October’s federal election brought a tremendous amount of change to Canadian politics. Obviously, there was a change in government, with the Liberals returning to power – with a majority government – after a decade in opposition. Additionally, the new government has committed to being more active than in the past, willing to spend and invest in programs and policies after the relatively hands-off Harper-era.
There was also substantial change in the composition in the House of Commons, with almost 200 new Members of Parliament (MP) elected. Importantly too, is tone: the Liberal government has committed to a more collaborative, open approach. This has already manifested itself in cabinet ministers being more available to media for interviews and a “freeing” of public servants to speak with the press, and there’s every reason the approach will also extend to work with associations and other stakeholders. It is important to keep in mind, however, that as a result of this, and of a new government in power with different priorities, there will be a clamour from advocacy groups competing for attention.
So what should associations be considering as they approach the new government and the next four years? We see three big themes.
First, and most importantly, the amount of turnover is an important opportunity and challenge for associations. Two thirds of the House of Commons will be fresh to your issues, making it important to educate them about what you and your members do, including how they affect Canadians and how you can be part of the government’s agenda. Associations should be looking to build long-lasting partnerships, not just “wins” on short term asks. Look for champions who you can work with in the long term. New MPs in particular will be looking for issues that they can become personal advocates for as they try to define their parliamentary careers.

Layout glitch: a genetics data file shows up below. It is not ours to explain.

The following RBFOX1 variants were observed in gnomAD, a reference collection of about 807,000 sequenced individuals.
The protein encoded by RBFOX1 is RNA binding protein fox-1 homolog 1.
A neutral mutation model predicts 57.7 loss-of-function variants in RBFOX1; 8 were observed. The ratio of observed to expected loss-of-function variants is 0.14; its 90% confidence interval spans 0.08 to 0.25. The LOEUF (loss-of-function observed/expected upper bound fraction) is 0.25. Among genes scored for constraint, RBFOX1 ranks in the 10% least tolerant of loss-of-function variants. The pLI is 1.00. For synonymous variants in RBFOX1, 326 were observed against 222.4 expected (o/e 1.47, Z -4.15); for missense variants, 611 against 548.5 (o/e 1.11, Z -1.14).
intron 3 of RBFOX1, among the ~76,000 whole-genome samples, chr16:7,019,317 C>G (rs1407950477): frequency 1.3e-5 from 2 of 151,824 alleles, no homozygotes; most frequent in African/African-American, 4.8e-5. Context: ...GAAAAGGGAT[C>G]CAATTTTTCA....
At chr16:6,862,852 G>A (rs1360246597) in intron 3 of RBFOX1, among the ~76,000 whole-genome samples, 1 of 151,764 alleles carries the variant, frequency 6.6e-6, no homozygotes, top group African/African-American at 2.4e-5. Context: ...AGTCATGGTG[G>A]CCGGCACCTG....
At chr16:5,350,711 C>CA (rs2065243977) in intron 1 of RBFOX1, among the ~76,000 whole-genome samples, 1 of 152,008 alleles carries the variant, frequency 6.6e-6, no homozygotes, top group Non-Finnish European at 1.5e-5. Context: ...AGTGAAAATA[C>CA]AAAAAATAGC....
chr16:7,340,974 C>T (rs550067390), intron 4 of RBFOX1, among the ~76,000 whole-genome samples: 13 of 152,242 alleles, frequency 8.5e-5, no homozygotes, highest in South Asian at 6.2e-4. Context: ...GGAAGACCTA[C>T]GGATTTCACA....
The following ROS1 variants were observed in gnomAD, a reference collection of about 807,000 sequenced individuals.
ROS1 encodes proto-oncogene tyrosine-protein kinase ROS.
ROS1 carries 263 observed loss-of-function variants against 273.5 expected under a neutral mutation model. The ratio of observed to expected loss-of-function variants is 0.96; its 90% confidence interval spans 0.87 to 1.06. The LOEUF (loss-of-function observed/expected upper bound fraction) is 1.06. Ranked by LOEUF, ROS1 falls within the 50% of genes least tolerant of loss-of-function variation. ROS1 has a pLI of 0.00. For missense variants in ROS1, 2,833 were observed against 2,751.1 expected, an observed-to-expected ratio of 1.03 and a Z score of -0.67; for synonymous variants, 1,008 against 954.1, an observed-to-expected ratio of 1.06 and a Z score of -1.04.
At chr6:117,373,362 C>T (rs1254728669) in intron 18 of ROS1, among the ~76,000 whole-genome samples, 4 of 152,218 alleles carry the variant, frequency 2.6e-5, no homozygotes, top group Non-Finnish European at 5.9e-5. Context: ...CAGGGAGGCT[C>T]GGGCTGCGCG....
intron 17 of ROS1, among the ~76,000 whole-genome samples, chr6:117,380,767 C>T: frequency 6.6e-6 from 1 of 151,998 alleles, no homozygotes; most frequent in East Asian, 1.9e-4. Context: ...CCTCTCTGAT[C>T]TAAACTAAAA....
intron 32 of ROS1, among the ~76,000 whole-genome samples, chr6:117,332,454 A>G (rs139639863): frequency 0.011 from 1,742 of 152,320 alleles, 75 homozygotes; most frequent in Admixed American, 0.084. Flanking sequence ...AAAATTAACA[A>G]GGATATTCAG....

Secondly, think about how you can align your issues with the objectives of the new government. You should think in both the short and the long term. The new government will be interested in implementing as many of its campaign commitments as it can in the first few years of its mandate. As with most campaign documents, many of these commitments are very general. Associations should look for ways in which they can work with the government on filling in the details and providing third-party support.
Associations should also think in the longer term. Even as the government fulfills campaign commitments, it will eventually need to move beyond for late-term and next campaign pledges. To be part of the future agenda, you should be laying the groundwork now.
Finally, though there is a new government, it is important to maintain a multi-partisan approach. The government’s commitment to collaboration is supposed to include the House of Commons, meaning that there may be more opportunity for opposition amendments and input than in the past. Even if not, building relationships with opposition MPs can lead to them championing your cause, pressuring the government to take action. And, whenever there is a change in government next, you’ll have an already-established relationship.
Remember: associations are an important interlocutor in the public policy process, and this government seems to acknowledge this. Your organizations and members are the ones with the on-the-ground experience that is essential to ensuring sensible policy development. Effective advocacy will ensure that you are part of that conversation.
Huw Williams is President of Impact Public Affairs, an Ottawa-based public relations and government relations firm specializing in finding innovative strategic communications and advocacy solutions for associations. Over the years, Impact has been recognized nationally and internationally for the effective and creative public affairs campaigns that it has created for its clients.